Any parent familiar with the nightly homework struggle knows that where homework gets done can become just a much of an issue as when homework gets done. So a common set of questions we often get from parents is: “Are there any best places to do homework? And where should we avoid?”
In this post, we’ll outline our top 3 choices for best places to do homework, along with some areas we recommend you avoid.
Now let’s start off by saying, even though we’ll outline some good choices for homework spots, each child has their own particular learning preferences.
This means that although the kitchen table might bit a great choice for one kid, it might be loud, distracting, and not conducive to focused work for another.
So first things first, recognize that your child may already have their favorite places to do homework in mind, and involve them in the process of making it a regular habit to work in the most productive spots. And the research actually supports this idea.
Metacognition is defined as, “awareness and understanding of one’s own thought processes.” This term’s origins are in the field of psychology, but a study out of Vanderbilt University actually ties metacognition or self-awareness to college success.
The study looked at college freshman and found that those who were more effective in choosing their study habits (and locations) were much more successful in the classroom.
In other words, the students who knew themselves and the way they learn best performed better and got better grades. It’s important to note that these successful students didn’t all use the same study habits; but rather, they were able to identify what worked best for them and stick to those strategies. This is because every person takes in, processes, and learns information a little differently.
Keep this in mind when choosing the ideal homework location.
If you’re like me, when you grew up your parents expected all homework to be completed at the kitchen table. For some kids, this is a great option. It allows them to spread out all their books in the hum of a busy area, which for some kids who hate the quiet, is absolutely perfect!
But for others, like me, this isn’t a great spot because it’s in the center of the house and there are so many distractions. Every time someone walks by to the fridge, sink, or garage is yet another opportunity to lose focus.
While this won’t work for some due to the temptation of the TV (or the ability to slowly sink into napping mode) we’ve found that some students are really successful on the couch with a lap desk.
Comfortable, quiet, and free from distractions, this is usually a good spot if your child likes the ability to “sink in” and focus from the lounging position.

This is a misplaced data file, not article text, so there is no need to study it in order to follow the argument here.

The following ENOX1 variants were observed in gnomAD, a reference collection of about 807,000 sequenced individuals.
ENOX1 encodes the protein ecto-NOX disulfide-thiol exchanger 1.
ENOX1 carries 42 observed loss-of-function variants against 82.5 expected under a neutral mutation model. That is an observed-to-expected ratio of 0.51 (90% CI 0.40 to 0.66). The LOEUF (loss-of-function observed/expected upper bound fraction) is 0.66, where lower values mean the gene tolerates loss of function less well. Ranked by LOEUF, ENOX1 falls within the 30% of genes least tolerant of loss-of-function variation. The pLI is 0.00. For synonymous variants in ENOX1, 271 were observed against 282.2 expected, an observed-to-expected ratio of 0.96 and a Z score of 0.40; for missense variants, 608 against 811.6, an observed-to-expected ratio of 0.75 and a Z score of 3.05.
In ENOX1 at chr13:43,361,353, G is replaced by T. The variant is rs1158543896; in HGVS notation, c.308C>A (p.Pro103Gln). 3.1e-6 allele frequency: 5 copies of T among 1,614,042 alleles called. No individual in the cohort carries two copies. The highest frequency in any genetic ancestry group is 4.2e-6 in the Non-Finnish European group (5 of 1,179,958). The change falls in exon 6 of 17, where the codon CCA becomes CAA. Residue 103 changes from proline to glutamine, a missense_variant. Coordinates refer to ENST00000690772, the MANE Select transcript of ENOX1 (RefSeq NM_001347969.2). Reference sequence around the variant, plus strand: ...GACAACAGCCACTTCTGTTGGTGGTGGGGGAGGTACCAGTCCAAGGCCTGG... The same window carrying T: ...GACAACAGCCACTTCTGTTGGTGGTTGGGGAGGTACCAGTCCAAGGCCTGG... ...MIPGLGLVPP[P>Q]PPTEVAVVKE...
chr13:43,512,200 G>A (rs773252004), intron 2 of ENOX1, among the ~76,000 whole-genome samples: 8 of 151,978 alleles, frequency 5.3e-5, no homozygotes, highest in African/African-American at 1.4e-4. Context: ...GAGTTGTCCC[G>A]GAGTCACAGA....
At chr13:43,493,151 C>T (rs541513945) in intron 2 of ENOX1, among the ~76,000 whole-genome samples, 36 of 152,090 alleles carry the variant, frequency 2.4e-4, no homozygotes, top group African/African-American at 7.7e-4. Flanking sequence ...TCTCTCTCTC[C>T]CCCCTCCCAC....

A lot of students prefer the nice, cool, air conditioned indoors over going outside for homework time, because there’s less of a chance of discomfort (or your papers being blown away!).
But we do come across those few students who just absolutely love being outside. For these kids, you can blend the best of both worlds, and have them do their homework outside on the deck.
Hey, maybe they’ll even get some much needed Vitamin D in the process!
As we said before, much of your child’s choice of homework location depends on their personal preferences. But there is one place that’s generally regarded as a “no-no.” And thats… the bedroom.
Because this is the one place in the house your son or daughter are most likely to be distracted by toys, phones, computers, and all other forms of impulse to NOT study or do homework. So you should probably keep that one off the list.
First of all, you want to give your child the flexibility to try a few different places.
If you find that your child is having a hard time focusing in a designated homework area, encourage him to try a different location and then ask leading questions such as:
“How focused did you feel in the ____?”
Or “did you feel like you got a lot done when you were studying in the ___?”
You want to avoid asking the question “which did you prefer?” because many times students will choose the convenient location over the one that leads to productivity.
If there’s a lot going on and you still find that your student is having a hard time focusing, encourage her to find outside locations. This could be a public library, or staying after school for a homework club or a teacher’s office hours. Sometimes there’s just too many distractions in the home for a student to get a lot done.
Finally, if you find yourself caught up in arguments with your child over where she is doing her homework (e.g. she insists on doing her homework in her bedroom though she’s not getting a lot done), try bringing in a neutral third party such as a tutor. Many times, this third party will eliminate the stress between the parent and the student while working with the student to figure out what learning environment they perform best in.
What study locations have your kids found to be most productive?
Take a moment to share in the comments! We’d love to hear some new creative ideas.